You cannot con an honest person…or can you?

Some advice from TrendLabs on avoiding Cryptolocker….

An infection with CryptoLocker starts as spam email which carries a Trojan (a downloader).    The spam might promise a ‘free way to unlock software’ its success depends on the social engineering lures used in the spam message and how people respond to it.

These are the safe computing practices to consider when opening emails and file attachments:

  • Always check who the email sender is. If the email is supposedly coming from a bank, verify with your bank if the received message is legitimate. If from a personal contact, confirm if they sent the message. Do not rely solely on trust by virtue of relationship, as your friend or family member may be a victim of spammers as well.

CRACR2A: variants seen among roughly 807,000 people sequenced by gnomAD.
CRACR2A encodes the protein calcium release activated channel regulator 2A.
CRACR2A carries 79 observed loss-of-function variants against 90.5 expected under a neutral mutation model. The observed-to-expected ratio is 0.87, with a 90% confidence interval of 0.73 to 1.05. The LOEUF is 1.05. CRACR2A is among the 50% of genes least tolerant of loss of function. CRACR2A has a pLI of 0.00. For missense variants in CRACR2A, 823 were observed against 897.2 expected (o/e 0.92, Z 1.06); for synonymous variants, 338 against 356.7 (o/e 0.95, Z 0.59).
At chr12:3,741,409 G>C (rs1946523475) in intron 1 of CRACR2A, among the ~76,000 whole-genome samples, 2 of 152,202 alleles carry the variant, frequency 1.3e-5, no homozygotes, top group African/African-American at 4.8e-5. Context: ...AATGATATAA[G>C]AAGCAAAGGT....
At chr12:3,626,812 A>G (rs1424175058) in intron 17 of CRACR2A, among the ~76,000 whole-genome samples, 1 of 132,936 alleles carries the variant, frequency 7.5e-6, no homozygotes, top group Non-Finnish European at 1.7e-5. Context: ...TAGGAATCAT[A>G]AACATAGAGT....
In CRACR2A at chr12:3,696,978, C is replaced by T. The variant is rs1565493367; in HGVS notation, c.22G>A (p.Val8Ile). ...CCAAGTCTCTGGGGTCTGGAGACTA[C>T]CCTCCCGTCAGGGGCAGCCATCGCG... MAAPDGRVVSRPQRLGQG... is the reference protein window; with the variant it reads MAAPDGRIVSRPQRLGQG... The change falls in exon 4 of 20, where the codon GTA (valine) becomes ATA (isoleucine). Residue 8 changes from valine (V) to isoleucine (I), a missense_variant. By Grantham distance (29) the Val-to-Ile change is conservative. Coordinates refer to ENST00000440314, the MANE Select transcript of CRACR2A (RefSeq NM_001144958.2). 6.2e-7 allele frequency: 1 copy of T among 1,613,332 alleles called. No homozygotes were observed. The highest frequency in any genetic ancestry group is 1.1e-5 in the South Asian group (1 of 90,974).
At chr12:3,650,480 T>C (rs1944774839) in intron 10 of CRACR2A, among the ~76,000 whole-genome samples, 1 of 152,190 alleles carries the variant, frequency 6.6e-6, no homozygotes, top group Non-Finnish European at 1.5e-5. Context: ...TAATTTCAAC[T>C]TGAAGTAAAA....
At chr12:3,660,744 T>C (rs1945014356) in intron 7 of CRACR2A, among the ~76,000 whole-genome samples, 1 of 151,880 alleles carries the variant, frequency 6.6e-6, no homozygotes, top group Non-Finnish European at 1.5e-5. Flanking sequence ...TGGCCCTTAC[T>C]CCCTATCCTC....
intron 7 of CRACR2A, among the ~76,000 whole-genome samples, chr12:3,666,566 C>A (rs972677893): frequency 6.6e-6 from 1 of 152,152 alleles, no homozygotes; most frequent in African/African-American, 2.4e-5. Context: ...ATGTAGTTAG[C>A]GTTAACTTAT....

• Double-check the content of the message. There may be obvious factual errors, spelling mistakes or discrepancies that you can spot.   There may be a claim from a bank or a friend that they have received something from you (go to your recently sent items to double-check their claim).
  • Refrain from clicking links in email. In general, clicking on links in email should be avoided. It is safer to visit any site mentioned in email directly. If you have to click on a link in email, make sure your browser uses web reputation to check the link.
  • Always ensure your software is up-to-date. Regularly updating installed software provides another layer of security against many attacks.
  • Backup important data. Unfortunately, there is no known tool to decrypt the files encrypted by CryptoLocker.   One good safe computing practice is to ensure you have accurate back-ups of your files. The 3-2-1 principle should be in play: three copies, two different media, one separate location.
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